For the first time, a large randomized trial has suggested that overall survival is improved by the addition of adjuvant chemotherapy to androgen suppression and radiotherapy in men with localized, high-risk, hormone-sensitive prostate cancer. Docetaxel has been used to treat metastatic hormone-resistant prostate cancer for a number of years, and this new study—RTOG 0521—suggests that moving it up earlier in the course of treatment to the adjuvant setting may extend the lives of men with high-risk, hormone-sensitive prostate cancer.1
Results of RTOG 0521 are part of an emerging story, suggesting that docetaxel can be used earlier in the course of disease. Both the CHAARTED2 and STAMPEDE3trials found that docetaxel improved survival in men with high-risk metastatic hormone-sensitive prostate cancer, whereas before these trials, docetaxel was confined to the hormone-resistant metastatic setting.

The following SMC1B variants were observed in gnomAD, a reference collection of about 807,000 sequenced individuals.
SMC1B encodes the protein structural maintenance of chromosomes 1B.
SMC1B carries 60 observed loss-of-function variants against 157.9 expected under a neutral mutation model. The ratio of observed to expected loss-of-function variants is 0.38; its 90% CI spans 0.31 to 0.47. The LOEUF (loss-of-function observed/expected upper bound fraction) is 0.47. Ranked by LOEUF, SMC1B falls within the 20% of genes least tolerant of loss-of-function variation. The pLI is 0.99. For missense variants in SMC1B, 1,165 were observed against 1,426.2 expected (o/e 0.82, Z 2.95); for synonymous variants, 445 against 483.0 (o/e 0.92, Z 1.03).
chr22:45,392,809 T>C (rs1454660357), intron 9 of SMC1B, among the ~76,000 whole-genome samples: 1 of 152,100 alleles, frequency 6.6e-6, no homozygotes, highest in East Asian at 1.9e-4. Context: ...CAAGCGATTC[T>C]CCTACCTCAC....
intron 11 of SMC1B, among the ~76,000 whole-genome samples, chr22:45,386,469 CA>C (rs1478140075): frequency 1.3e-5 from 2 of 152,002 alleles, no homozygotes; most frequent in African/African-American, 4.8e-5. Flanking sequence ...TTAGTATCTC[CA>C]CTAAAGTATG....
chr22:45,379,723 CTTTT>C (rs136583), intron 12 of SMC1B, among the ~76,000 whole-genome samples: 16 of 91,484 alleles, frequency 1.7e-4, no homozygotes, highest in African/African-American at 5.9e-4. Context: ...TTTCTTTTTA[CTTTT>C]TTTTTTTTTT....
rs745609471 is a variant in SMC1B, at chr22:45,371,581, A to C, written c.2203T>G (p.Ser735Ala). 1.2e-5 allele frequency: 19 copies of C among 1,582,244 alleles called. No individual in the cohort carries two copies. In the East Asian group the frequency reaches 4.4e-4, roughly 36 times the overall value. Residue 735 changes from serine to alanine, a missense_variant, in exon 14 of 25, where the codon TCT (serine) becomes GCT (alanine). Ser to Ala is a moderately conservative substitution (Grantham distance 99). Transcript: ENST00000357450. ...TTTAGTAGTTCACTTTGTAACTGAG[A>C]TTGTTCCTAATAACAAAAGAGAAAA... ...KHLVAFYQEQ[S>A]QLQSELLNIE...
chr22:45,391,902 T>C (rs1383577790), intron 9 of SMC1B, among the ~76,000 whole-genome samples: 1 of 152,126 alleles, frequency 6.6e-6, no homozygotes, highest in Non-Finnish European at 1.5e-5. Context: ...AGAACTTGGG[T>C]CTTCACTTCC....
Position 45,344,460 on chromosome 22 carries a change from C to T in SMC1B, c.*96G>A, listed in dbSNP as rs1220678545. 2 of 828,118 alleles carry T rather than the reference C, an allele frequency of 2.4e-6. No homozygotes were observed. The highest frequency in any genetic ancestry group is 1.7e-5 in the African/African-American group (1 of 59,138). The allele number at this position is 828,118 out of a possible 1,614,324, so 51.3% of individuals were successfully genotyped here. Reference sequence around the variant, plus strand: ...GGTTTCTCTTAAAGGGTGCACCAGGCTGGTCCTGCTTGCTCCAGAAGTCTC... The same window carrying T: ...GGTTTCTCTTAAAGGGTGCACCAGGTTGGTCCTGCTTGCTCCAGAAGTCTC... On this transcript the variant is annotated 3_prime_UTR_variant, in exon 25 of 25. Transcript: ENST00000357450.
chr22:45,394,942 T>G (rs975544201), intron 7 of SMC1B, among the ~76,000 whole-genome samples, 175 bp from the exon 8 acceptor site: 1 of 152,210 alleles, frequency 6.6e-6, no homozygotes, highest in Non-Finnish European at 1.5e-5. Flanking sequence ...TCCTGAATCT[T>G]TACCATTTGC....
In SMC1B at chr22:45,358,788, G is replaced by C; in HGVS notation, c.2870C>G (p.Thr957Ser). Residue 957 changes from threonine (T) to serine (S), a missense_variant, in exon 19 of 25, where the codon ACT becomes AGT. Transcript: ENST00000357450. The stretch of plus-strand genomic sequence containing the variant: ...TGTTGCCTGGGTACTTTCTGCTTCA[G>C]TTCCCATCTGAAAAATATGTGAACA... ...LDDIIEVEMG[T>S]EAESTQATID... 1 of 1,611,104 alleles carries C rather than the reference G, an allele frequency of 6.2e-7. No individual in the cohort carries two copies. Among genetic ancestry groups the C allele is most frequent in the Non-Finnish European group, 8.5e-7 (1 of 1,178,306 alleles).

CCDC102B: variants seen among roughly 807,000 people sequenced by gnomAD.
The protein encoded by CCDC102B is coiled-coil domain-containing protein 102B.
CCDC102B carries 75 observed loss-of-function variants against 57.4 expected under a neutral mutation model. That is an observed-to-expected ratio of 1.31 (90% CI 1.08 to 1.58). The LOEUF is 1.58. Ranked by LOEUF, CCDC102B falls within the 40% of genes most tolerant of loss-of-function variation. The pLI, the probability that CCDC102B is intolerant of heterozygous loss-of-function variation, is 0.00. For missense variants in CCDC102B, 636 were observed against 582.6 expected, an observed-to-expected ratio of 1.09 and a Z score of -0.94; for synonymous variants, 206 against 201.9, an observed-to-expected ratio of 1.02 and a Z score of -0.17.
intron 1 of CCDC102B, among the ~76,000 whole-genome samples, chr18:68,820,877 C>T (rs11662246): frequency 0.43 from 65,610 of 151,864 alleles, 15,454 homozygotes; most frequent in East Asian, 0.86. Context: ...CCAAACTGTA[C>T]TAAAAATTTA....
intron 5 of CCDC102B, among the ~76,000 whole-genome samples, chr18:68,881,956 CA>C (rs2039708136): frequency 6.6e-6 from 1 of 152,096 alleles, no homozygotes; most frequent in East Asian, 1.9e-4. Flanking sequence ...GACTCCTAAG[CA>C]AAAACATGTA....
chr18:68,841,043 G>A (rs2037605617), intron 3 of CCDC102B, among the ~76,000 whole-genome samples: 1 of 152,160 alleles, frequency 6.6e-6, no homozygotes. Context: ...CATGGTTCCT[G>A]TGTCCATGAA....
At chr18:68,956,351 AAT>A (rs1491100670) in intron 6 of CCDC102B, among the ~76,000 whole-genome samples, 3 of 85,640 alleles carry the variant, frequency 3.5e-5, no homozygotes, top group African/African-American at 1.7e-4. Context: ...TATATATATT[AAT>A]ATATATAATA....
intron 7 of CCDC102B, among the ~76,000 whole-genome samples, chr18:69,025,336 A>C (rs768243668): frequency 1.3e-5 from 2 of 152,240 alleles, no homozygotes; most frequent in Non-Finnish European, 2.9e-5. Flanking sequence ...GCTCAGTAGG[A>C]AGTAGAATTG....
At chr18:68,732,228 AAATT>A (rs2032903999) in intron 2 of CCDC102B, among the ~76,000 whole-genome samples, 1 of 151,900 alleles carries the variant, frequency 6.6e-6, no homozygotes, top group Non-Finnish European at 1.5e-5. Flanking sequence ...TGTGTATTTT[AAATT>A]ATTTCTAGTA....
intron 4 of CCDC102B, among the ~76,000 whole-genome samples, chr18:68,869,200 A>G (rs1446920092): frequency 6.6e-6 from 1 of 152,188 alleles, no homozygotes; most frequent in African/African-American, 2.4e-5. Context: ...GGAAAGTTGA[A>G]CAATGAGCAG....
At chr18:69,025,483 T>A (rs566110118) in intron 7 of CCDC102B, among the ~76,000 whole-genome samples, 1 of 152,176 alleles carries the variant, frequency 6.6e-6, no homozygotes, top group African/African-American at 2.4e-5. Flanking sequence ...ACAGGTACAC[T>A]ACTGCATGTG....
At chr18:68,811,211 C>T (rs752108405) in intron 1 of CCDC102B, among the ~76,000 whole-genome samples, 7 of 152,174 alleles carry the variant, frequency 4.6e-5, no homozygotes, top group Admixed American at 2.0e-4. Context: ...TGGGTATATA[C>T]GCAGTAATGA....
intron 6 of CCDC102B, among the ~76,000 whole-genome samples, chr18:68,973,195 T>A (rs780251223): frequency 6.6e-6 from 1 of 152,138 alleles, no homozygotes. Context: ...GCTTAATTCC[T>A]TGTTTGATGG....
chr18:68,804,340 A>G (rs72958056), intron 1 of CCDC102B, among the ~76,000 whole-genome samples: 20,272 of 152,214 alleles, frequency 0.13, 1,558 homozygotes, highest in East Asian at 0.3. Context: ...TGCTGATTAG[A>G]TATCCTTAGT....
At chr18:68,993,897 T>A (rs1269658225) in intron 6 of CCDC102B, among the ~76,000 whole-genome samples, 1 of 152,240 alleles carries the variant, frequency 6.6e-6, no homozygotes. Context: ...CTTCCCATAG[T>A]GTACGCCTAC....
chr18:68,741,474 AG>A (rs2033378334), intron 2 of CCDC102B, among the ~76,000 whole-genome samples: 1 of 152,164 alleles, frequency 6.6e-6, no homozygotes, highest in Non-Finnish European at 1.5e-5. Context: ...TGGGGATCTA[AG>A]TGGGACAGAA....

RTOG 0521 was designed to assess 4-year survival, and the authors believe that with longer follow-up, the overall survival benefits of adjuvant docetaxel in this setting will continue to emerge.